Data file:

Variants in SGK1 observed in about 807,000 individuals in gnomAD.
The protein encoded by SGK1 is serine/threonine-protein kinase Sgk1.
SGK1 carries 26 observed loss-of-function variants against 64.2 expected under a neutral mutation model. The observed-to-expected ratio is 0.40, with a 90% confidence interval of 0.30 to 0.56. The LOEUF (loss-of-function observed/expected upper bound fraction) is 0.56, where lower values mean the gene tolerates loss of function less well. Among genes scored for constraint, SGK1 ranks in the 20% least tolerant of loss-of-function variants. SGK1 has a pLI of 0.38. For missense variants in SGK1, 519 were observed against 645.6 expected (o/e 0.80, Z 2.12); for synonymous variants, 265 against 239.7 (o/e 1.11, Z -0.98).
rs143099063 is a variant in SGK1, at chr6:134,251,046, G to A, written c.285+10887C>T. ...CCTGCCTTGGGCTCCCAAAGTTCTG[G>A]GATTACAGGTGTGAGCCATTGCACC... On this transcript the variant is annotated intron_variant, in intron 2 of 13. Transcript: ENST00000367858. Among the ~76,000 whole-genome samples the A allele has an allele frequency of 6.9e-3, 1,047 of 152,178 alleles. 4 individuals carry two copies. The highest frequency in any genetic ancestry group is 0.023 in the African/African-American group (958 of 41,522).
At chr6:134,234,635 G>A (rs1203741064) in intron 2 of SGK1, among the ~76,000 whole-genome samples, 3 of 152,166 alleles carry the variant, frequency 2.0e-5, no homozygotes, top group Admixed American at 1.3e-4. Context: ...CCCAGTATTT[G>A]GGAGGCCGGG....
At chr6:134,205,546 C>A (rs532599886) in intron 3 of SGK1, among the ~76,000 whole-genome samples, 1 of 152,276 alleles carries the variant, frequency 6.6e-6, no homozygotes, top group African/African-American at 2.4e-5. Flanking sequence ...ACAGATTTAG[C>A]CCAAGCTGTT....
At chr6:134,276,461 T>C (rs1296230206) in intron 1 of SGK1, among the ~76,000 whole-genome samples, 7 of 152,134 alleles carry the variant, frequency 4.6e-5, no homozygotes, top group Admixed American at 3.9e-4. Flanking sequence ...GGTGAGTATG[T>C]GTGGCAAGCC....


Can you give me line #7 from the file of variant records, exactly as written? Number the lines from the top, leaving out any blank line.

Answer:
At chr6:134,276,461 T>C (rs1296230206) in intron 1 of SGK1, among the ~76,000 whole-genome samples, 7 of 152,134 alleles carry the variant, frequency 4.6e-5, no homozygotes, top group Admixed American at 3.9e-4. Flanking sequence ...GGTGAGTATG[T>C]GTGGCAAGCC....